Source – healthandfitness.sympatico.msn – A homeless man who went to a Winnepeg area hospital Emergency Room was discovered to have been dead several hours when ER staff finally checked on him. He was in the ER a total of 34 hours without being attended to by any hospital staff. It was another member of the public waiting who finally brought him to the attention of staff. A spokesperson for the hospital said some homeless people have made it a habit recently to seek shelter in the ER waiting room, but that was no reason for staff not to have attended to him at some point during his stay.[end of excerpt]
Canadian Press reports “Although the 45-year-old man — who CTV Winnipeg identified as a double amputee named Brian Sinclair — was “a regular” at the emergency room, regional health officials say he was never registered or seen by triage nurses over the weekend until it was too late.
We have said for many years that the homeless have difficulties when seeking hospital treatment and that many hospital staff refuse to deal with them, or belittle them when listening to complaints. As a matter of fact, one of our homeless friends here in Toronto is also a recent double amputee and he directly attributes the complications that gave rise to the infection and amputations to discrimination at the hand of Toronto health care providers over a period of more than a year. But this is terrible – even if Mr. Sinclair was only seeking to come in from the cold in the ER waiting room, there must be standards in hospital ER’s for screening visitors. Even if it were to be security staff, at some point during the 34 hours, this person deserved to be at least acknowedged. Reading between the lines of the news report – it even shows the attitude of the general public towards the homeless. The man must have lost consciousness at some point prior to his death – even a sleeping person could be expected to be a cause of concern to neighbouring people sharing the waiting room. But most people’s attitude towards the homeless is to treat them as if they were invisible and shun them. It is not only India that has the “untouchable” caste. I imagine this poor man died of loneliness … in a crowded room.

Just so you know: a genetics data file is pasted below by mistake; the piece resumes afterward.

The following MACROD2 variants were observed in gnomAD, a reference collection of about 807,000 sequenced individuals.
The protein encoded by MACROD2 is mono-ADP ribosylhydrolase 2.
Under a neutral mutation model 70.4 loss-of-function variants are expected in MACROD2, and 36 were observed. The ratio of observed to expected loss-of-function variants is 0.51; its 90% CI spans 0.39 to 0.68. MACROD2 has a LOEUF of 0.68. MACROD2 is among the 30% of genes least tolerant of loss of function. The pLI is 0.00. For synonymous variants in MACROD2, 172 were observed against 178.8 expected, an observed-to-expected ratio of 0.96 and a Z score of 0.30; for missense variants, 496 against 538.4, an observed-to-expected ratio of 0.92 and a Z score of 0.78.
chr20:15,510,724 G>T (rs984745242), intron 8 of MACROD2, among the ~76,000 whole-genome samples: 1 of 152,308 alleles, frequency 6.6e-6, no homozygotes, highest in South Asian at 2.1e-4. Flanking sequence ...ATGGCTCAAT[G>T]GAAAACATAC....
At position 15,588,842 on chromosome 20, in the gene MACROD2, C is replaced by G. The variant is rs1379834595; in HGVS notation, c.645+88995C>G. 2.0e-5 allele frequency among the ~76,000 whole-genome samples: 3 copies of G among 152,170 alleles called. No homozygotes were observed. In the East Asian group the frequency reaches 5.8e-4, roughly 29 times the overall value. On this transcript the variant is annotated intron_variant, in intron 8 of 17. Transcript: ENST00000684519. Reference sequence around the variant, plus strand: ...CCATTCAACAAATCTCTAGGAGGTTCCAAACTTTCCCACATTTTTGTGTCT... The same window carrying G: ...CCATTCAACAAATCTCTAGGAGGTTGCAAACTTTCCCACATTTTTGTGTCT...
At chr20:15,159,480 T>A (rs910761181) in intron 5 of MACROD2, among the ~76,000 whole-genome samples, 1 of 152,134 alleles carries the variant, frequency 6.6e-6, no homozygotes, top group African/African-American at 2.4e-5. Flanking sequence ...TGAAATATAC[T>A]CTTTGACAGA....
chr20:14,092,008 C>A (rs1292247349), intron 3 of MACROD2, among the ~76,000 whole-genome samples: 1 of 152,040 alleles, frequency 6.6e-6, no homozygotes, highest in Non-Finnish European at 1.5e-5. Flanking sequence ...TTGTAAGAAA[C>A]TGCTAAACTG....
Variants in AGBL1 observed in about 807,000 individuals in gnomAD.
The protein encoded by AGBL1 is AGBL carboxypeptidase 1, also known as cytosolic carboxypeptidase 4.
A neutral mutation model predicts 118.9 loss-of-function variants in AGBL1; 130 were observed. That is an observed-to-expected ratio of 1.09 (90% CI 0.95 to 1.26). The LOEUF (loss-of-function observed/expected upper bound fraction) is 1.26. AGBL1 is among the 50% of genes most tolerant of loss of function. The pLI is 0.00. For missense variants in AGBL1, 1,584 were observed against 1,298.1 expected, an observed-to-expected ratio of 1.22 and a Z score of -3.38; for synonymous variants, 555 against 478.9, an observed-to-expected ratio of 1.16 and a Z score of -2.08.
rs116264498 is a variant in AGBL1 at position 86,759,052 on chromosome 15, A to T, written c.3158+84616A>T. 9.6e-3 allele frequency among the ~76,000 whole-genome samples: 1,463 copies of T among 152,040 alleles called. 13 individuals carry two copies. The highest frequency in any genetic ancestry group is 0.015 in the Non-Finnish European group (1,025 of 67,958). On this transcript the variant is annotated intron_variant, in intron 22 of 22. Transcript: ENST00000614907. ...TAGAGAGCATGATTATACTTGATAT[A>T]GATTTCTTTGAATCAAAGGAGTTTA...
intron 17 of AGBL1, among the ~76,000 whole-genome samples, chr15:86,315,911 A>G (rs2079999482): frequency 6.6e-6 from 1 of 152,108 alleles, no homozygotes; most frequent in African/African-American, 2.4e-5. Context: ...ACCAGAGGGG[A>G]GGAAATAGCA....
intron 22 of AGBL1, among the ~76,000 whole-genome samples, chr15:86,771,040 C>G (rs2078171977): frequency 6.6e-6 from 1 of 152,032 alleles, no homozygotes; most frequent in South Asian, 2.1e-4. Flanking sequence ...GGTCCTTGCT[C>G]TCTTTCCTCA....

Please look for updates on this post when I return from the Houston Hurricane Ike disaster relief mission in two weeks. Please post your comments on this tragedy.
Filed under: Advocacy, Christianity, homelessness, News, News Commentary | Tagged: amputee, deaths, doctors, emergency, ER, homeless, homelessness, hospital, medical, nurses, poverty, project417, treatment, winnipeg |